1. Press the MENU button. Use the FORWARD and BACK buttons to advance to the PROGRAM Menu and press ENTER. The Aqua Link RS display will read SELECT EQUIPMENT TO PROGRAM.

  2. Press the button of the equipment you want to program (e.g., FILTER PUMP).

  3. You are now in a menu of choices. You may choose ON ALL DAYS, ON WEEKDAYS, ON WEEKENDS, or you may choose a specific day of the week. Use the FORWARD and BACK arrow keys to move to the choice you want, then press ENTER.

  4. The display now reads ON HR 1 PM <- ->*.  Use the FORWARD and BACK arrow keys to move to the hour that you want the equipment to turn on, and press ENTER when that hour is displayed.

  5. Repeat this process to set the ON MINUTE, OFF HOUR, and OFF MINUTE. When you are finished, the Aqua Link RS Display will review a summary of your program(s).

The pump circulates water from the pool through the filter and heater and back to the pool. The basket in the pump pot needs to be cleaned periodically. If you do not keep it clean, the debris can inhibit the suction ability of the pump and will not get effective circulation and cleaning. The following instructions walk you through this maintenance.


  1. Turn off the pump and pump breaker.

  2. Remove the see-through pump lid.

  3. Remove the inter basket and dump out all debris.

  4. Reach into the rear interior of the pump opening and inspect impeller for blockage.

  5. Replace the inner basket, reinstall the pump lid and tighten snugly.

  6. Turn on the pump breaker and pump to circulate water.

  7. Open air relief valve on top of the filter tank until you get a continuous stream of water, then close valve for normal operation.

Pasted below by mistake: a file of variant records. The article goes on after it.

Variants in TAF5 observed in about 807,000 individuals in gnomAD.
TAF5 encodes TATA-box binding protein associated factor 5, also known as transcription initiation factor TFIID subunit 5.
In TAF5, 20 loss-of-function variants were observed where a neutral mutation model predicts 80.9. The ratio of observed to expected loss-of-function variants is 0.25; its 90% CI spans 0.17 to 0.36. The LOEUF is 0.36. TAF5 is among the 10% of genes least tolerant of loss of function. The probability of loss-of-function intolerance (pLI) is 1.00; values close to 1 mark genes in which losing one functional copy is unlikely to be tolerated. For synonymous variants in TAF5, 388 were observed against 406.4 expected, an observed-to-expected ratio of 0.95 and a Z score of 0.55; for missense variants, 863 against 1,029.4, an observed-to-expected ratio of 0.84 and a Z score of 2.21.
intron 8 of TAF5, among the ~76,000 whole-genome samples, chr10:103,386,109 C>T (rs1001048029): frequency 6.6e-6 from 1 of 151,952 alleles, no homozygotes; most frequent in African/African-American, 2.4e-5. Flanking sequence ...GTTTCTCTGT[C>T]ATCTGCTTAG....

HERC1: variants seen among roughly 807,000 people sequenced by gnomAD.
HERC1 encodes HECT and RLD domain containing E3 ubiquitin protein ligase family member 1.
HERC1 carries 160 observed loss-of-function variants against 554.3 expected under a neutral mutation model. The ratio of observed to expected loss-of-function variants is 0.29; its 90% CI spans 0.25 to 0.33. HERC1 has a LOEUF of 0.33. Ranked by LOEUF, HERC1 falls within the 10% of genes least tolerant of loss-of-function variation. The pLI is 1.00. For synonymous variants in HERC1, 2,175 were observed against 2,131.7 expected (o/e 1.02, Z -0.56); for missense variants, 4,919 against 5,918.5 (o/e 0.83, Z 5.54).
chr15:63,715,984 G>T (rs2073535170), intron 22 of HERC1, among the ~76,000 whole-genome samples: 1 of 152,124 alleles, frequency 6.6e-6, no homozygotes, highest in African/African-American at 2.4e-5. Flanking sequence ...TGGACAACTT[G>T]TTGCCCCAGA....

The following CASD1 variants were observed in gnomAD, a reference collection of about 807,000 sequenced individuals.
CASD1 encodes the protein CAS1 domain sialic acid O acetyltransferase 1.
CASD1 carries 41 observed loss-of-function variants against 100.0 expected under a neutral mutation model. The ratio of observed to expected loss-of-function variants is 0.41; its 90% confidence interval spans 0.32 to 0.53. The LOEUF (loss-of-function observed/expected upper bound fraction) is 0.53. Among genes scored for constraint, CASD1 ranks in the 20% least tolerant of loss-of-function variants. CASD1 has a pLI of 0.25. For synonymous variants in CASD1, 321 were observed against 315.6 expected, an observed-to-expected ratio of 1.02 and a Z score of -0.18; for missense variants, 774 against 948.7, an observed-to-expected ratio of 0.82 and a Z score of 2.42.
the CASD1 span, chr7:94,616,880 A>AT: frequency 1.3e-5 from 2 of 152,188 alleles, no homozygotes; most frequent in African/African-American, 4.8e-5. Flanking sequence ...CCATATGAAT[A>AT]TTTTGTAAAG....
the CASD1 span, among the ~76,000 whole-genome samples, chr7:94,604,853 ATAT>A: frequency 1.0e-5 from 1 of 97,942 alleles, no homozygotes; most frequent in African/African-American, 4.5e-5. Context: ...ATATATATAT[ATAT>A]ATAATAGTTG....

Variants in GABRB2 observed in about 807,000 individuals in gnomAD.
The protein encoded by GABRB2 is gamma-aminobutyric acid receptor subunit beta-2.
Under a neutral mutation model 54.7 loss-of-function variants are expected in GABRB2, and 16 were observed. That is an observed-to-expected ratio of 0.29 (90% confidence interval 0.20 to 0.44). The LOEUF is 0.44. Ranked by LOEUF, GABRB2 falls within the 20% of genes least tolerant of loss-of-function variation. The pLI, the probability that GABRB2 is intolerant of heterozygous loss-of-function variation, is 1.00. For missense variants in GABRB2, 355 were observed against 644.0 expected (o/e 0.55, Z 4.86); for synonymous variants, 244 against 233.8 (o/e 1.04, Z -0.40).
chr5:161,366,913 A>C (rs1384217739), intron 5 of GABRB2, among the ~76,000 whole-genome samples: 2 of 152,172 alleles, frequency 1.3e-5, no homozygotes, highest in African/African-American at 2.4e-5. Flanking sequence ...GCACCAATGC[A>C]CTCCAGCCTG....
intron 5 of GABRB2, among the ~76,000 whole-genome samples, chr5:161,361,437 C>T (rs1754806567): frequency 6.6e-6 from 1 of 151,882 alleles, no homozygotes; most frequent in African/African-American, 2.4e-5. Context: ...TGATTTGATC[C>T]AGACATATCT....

If water does not circulate, repeat steps I through 6 making sure pump lid is seated snugly, "O" ring is cleaned and properly lubricated, water level in the pool is at the proper level and all valves are set to the proper positions. See Pump troubleshooting.

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As water flows through, the filter cartridges remove small particulate matter from the water.
Over-time, the filter cartridges become caked with this debris and will need to be cleaned. The
cleaning frequency will depend on how dirty the water is from pool use, winds and rain. As the
filter cartridges get filled with debris the pressure inside the filter builds and the effectiveness of the system diminishes. You should note the pressure of your system when the cartridges are clean. Once the pressure has increased by 8 to I0 pounds, it is time to clean the cartridges.


  1. Turn off pump and pump breaker.

  2. Loosen air relief valve on top of filter.

  3. Remove bolts from clamp band.

  4. Remove belly band from middle of filter tank.

  5. Lift off top section of tank and set aside. Do not lift tank by the relief valve.